All low-price luxury consumers and high-end luxury buyers should be taken into consideration and as part of VW’s obligation in its aim to re-build a solid global customer base. Producing vehicles with low CO2 emission, trendy styles, maximum safety devices, fuel-efficient innovations, affordable prices, quality/standard products in all segments, and offering reliable after sales services are a few ways this objective can be achieved.

  1. Responsible Leadership:

VW’s monumental setback was blamed on its leadership, and this highlights the role of high-quality management staff in strategic decision-making areas. Competent administrators who are committed to protecting the brand’s reputation and overall business growth in line with host countries’ environmental laws should be selected. In addition, appointments should be strictly on merit, with consequences for neglect of the company’s ethics through sheer incompetence or corruption.

Volkswagen’s emissions scandal emphasizes that board members and top executives are not enrolling for enlightenment lectures on conduct expectations and compliance rules as before. NAVEX Global Data confirmed in its publication that the time for top-rank executive compliance lessons was reduced by 90 minutes after 2014 and board members also had their time slashed by a third, a situation which links the failure to an incompetent leadership. This is why they neglected consequences of their actions when the violation was noticed by employees and reported for proper actions. Nonetheless, some “disloyal” workers have been slammed for betraying the company’s “ethics” by going public with the news (Battistela., 2012; Ryan., 2015).

1.6       External Environment Analysis


Several factors in the macro-economic environment have different effects on companies and play crucial roles in decision-making. The automobile industry has the following as its external factors: legal, social, political, economic, technological and environmental factors. We have conducted a PESTEL analysis on Volkswagen, with concentration on the listed key areas.

Image 5: PESTEL for Volkswagen

1.5.2 Porter’s 5 Forces Analysis for VOLKSWAGEN

Porter’s 5 forces analysis has been used to show the overall impact of the automobile industry’s success, particularly as it affects Volkswagen. The results appear in image 5.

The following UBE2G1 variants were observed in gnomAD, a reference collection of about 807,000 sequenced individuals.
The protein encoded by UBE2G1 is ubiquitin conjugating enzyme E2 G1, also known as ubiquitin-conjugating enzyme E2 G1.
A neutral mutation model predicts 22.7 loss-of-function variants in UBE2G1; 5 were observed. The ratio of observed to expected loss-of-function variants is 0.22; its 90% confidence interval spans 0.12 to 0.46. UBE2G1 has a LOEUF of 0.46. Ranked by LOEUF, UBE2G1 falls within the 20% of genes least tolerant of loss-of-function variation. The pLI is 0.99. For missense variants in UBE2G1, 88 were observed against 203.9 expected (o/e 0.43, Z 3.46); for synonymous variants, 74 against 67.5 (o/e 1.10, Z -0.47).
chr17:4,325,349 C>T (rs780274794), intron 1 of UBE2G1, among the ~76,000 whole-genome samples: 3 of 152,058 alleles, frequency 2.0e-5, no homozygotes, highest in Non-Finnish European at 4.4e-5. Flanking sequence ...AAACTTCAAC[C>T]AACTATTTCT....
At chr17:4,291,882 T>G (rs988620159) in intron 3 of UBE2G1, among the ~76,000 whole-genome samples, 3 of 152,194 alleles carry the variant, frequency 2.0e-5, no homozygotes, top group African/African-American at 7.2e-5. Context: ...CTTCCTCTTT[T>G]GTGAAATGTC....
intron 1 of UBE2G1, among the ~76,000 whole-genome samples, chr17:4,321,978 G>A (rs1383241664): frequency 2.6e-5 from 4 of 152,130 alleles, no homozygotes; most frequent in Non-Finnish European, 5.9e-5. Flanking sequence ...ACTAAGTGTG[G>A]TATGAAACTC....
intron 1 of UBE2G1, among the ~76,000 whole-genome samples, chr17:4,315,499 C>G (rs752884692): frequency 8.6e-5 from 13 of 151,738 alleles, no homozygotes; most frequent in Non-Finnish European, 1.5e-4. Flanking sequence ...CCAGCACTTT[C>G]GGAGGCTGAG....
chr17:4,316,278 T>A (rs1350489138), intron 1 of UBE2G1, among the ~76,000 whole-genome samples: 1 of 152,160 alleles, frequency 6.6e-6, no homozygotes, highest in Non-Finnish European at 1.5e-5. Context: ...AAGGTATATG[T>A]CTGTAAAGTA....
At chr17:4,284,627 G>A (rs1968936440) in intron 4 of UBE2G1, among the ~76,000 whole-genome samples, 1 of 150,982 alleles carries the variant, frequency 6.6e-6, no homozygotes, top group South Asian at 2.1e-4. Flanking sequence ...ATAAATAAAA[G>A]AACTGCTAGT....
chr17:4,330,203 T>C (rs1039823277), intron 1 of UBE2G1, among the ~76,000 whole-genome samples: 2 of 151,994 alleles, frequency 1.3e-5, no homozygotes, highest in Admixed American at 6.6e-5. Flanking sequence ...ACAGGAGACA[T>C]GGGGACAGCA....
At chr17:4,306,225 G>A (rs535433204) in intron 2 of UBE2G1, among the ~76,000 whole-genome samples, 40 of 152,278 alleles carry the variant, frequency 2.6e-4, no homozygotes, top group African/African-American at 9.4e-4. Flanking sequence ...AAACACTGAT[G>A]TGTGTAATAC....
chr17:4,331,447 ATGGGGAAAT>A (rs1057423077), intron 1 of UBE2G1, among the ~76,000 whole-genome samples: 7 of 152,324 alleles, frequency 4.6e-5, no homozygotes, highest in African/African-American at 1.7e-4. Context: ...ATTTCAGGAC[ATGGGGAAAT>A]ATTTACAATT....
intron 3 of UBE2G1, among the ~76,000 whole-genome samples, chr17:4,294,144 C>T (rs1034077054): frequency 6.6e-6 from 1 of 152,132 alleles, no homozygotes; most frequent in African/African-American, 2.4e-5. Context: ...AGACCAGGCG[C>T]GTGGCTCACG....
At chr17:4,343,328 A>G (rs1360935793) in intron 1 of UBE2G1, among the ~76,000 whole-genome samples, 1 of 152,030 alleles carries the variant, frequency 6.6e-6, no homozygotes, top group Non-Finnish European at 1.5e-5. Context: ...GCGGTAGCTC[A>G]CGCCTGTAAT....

Image 5: Result of Porter’s 5 Forces Analysis of Volkswagen

1.5.3 Internal Analysis

To examine VW’s ability to fully exploit available resources for efficiency and profitability purposes, the value chain analysis has been applied in this study. Value Chain Analysis for VW

Porter explains that all bureaucratic activities are made up of two unique categories: the essential events and support services, which are explained below.

Image 6: Value Chain Analysis for Volkswagen

Image 6 shows the primary activities undertaken by VW as a major multinational enterprise established with the objectives of achieving far-reaching, socio-economic and environmental outcomes. The graphic explains Volkswagen’s four key stages of value chain, and identifies key impacts, stakeholders, and some of the values created in each activity.

VW’s “Strategy 2025” says it is committed to achieving overall excellence in all business activities and the company relies on four-input factors to achieve this – Procurement, Technology Development, Human Resource Management, and Firm Infrastructure. With revenue in 2015 valued at €213.292 billion, a 5.4% increase over €202.458 billion recorded in 2014, the Volkswagen Group is treading previously untouched grounds and its recent investment on electric cars and batteries is worth a massive $10 billion, as it plans to flood the market with 300 electric car models by 2030 (Lambert., 2017). Interestingly, the company assures that it has improved its group-wide whistle-blower system to increase confidence, awareness, acceptance and transparency, with new reporting channels established, risk management systems updated, and modalities organized for additional quarterly reports on top-risks. In furtherance, the group confirmed that mitigating activities have been established to encourage open and interactive discussion of threats among all stakeholders and interest parties (Bryan., 2016).